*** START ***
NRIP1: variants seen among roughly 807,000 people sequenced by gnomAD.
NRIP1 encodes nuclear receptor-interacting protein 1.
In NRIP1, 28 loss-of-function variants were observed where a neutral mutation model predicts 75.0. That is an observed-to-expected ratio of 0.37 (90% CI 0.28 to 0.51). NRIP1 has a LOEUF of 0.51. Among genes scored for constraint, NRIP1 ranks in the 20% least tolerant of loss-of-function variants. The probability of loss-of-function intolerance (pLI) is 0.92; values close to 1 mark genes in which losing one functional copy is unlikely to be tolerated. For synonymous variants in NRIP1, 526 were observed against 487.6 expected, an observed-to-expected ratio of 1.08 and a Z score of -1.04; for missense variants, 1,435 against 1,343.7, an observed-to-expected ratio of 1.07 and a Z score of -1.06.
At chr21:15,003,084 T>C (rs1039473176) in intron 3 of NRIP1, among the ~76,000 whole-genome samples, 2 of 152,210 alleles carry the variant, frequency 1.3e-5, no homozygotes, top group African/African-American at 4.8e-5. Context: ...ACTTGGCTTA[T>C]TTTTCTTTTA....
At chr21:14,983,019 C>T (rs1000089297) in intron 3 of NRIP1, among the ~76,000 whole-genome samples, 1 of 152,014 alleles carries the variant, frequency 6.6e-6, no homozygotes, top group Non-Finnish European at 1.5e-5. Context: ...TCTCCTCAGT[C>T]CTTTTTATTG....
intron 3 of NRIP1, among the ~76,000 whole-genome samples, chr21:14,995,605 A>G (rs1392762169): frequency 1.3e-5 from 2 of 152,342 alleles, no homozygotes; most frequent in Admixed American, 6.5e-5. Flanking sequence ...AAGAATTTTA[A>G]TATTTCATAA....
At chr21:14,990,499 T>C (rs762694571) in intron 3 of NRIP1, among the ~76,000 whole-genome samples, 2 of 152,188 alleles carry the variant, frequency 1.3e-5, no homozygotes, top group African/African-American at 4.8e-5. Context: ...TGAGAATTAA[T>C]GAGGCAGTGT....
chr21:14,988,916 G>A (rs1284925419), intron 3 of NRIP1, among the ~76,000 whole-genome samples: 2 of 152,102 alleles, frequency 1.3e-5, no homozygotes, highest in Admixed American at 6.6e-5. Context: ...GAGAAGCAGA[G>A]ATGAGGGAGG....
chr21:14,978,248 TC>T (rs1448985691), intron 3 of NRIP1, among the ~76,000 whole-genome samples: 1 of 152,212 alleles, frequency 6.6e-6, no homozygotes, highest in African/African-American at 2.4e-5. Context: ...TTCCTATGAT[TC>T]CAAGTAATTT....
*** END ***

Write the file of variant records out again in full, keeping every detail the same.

NRIP1: variants seen among roughly 807,000 people sequenced by gnomAD.
NRIP1 encodes nuclear receptor-interacting protein 1.
In NRIP1, 28 loss-of-function variants were observed where a neutral mutation model predicts 75.0. That is an observed-to-expected ratio of 0.37 (90% CI 0.28 to 0.51). NRIP1 has a LOEUF of 0.51. Among genes scored for constraint, NRIP1 ranks in the 20% least tolerant of loss-of-function variants. The probability of loss-of-function intolerance (pLI) is 0.92; values close to 1 mark genes in which losing one functional copy is unlikely to be tolerated. For synonymous variants in NRIP1, 526 were observed against 487.6 expected, an observed-to-expected ratio of 1.08 and a Z score of -1.04; for missense variants, 1,435 against 1,343.7, an observed-to-expected ratio of 1.07 and a Z score of -1.06.
At chr21:15,003,084 T>C (rs1039473176) in intron 3 of NRIP1, among the ~76,000 whole-genome samples, 2 of 152,210 alleles carry the variant, frequency 1.3e-5, no homozygotes, top group African/African-American at 4.8e-5. Context: ...ACTTGGCTTA[T>C]TTTTCTTTTA....
At chr21:14,983,019 C>T (rs1000089297) in intron 3 of NRIP1, among the ~76,000 whole-genome samples, 1 of 152,014 alleles carries the variant, frequency 6.6e-6, no homozygotes, top group Non-Finnish European at 1.5e-5. Context: ...TCTCCTCAGT[C>T]CTTTTTATTG....
intron 3 of NRIP1, among the ~76,000 whole-genome samples, chr21:14,995,605 A>G (rs1392762169): frequency 1.3e-5 from 2 of 152,342 alleles, no homozygotes; most frequent in Admixed American, 6.5e-5. Flanking sequence ...AAGAATTTTA[A>G]TATTTCATAA....
At chr21:14,990,499 T>C (rs762694571) in intron 3 of NRIP1, among the ~76,000 whole-genome samples, 2 of 152,188 alleles carry the variant, frequency 1.3e-5, no homozygotes, top group African/African-American at 4.8e-5. Context: ...TGAGAATTAA[T>C]GAGGCAGTGT....
chr21:14,988,916 G>A (rs1284925419), intron 3 of NRIP1, among the ~76,000 whole-genome samples: 2 of 152,102 alleles, frequency 1.3e-5, no homozygotes, highest in Admixed American at 6.6e-5. Context: ...GAGAAGCAGA[G>A]ATGAGGGAGG....
chr21:14,978,248 TC>T (rs1448985691), intron 3 of NRIP1, among the ~76,000 whole-genome samples: 1 of 152,212 alleles, frequency 6.6e-6, no homozygotes, highest in African/African-American at 2.4e-5. Context: ...TTCCTATGAT[TC>T]CAAGTAATTT....